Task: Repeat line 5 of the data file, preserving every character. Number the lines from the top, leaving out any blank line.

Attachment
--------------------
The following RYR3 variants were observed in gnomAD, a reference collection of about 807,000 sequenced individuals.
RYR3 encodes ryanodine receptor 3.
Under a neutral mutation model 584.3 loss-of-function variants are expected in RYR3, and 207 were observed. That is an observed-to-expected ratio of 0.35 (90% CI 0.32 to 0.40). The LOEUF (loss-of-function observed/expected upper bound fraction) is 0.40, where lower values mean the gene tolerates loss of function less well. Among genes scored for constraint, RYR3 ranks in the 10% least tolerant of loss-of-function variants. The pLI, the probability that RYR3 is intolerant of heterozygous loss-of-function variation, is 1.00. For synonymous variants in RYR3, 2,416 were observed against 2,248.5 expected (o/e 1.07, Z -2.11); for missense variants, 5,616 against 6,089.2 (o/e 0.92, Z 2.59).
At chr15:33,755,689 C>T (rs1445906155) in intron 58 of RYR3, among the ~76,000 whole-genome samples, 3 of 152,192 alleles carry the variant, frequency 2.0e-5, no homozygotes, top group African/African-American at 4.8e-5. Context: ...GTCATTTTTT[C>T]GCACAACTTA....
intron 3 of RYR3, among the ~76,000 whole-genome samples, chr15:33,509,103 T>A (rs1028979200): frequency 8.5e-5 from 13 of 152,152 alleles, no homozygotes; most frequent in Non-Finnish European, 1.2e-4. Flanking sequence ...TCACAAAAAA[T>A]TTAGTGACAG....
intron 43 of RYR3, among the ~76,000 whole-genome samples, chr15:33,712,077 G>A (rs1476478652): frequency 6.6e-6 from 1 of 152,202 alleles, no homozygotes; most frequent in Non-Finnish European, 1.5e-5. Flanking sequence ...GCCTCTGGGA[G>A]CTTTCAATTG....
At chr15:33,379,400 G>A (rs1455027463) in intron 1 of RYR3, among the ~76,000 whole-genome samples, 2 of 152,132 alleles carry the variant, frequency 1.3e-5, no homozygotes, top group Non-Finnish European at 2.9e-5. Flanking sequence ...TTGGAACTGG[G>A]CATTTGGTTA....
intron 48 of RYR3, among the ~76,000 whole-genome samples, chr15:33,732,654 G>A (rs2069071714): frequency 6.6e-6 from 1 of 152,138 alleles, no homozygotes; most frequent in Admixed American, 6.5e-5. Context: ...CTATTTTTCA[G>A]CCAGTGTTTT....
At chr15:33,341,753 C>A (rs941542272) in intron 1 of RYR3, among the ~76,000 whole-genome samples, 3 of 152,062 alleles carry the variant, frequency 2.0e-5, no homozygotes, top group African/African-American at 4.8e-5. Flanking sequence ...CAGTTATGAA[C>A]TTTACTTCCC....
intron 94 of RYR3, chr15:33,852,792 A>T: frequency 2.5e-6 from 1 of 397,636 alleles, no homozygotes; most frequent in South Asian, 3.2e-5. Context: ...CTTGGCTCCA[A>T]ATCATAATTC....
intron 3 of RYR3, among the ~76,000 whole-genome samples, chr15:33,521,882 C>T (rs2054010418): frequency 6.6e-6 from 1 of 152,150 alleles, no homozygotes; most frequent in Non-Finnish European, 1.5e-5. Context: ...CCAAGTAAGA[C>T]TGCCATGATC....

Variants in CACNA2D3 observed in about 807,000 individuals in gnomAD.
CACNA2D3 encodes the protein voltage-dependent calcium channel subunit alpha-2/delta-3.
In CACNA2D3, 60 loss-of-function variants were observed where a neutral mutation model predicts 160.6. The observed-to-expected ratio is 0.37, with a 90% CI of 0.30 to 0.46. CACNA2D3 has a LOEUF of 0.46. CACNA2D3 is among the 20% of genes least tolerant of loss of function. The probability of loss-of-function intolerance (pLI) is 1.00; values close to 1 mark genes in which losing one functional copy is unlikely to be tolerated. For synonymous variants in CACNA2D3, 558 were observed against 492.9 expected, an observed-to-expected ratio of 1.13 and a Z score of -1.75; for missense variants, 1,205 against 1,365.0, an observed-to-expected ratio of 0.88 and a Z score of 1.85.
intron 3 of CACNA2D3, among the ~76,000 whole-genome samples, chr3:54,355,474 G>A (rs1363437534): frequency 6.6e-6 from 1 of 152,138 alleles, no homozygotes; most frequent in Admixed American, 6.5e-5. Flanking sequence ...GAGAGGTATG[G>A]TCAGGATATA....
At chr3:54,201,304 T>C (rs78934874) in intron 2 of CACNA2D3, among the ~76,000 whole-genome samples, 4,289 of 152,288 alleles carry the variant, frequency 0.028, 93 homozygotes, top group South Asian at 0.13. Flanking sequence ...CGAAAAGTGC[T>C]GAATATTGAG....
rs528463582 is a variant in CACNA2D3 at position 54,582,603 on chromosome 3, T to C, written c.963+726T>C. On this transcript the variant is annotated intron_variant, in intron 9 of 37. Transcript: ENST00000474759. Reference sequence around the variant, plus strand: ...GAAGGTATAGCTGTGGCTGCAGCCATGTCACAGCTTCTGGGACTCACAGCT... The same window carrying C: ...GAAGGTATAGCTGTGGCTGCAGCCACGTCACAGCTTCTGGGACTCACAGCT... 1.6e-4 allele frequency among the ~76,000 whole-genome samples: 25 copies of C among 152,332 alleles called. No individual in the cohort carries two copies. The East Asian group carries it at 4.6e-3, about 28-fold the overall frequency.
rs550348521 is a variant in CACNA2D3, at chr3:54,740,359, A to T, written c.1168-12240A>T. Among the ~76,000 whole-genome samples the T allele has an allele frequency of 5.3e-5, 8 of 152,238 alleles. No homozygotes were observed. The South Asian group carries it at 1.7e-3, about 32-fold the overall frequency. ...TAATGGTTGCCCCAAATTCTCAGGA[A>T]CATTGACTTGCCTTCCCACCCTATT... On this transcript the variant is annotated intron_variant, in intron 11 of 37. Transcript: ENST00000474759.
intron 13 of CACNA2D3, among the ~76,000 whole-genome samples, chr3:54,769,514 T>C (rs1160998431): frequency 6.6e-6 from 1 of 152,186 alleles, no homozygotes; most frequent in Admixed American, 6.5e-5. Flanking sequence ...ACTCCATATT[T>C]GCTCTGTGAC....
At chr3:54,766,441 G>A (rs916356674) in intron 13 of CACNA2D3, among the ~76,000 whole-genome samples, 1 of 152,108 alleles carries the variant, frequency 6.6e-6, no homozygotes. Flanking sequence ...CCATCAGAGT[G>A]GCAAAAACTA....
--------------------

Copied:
intron 3 of RYR3, among the ~76,000 whole-genome samples, chr15:33,509,103 T>A (rs1028979200): frequency 8.5e-5 from 13 of 152,152 alleles, no homozygotes; most frequent in Non-Finnish European, 1.2e-4. Flanking sequence ...TCACAAAAAA[T>A]TTAGTGACAG....